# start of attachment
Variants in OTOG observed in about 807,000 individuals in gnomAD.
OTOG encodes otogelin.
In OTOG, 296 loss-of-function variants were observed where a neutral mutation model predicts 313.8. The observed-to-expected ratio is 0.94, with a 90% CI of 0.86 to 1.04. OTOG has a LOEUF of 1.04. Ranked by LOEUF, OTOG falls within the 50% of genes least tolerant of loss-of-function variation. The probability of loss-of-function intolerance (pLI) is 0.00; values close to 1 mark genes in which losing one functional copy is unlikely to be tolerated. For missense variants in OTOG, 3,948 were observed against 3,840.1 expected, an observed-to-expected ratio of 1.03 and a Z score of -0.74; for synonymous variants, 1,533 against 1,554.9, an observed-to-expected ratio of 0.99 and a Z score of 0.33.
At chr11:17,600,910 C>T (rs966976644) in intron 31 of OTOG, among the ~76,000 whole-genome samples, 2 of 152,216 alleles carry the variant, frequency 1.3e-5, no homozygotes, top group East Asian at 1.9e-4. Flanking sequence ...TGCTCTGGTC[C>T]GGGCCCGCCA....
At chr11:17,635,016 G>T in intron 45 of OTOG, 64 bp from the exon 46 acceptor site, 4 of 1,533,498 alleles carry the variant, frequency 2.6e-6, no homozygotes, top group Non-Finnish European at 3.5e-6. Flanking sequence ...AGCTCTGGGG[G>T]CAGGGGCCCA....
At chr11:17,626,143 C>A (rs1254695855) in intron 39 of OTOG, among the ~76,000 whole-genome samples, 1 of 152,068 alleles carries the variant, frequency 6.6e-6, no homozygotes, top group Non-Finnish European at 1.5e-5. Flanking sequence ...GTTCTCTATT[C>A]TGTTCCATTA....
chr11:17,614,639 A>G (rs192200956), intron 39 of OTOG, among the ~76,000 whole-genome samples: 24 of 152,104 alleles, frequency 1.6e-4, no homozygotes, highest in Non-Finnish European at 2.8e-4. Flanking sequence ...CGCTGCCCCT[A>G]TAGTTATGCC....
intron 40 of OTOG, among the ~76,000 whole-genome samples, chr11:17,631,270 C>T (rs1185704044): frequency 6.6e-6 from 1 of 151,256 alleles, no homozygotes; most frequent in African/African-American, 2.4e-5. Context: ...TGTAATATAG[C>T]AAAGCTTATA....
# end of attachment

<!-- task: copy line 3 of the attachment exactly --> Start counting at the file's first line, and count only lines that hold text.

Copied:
In OTOG, 296 loss-of-function variants were observed where a neutral mutation model predicts 313.8. The observed-to-expected ratio is 0.94, with a 90% CI of 0.86 to 1.04. OTOG has a LOEUF of 1.04. Ranked by LOEUF, OTOG falls within the 50% of genes least tolerant of loss-of-function variation. The probability of loss-of-function intolerance (pLI) is 0.00; values close to 1 mark genes in which losing one functional copy is unlikely to be tolerated. For missense variants in OTOG, 3,948 were observed against 3,840.1 expected, an observed-to-expected ratio of 1.03 and a Z score of -0.74; for synonymous variants, 1,533 against 1,554.9, an observed-to-expected ratio of 0.99 and a Z score of 0.33.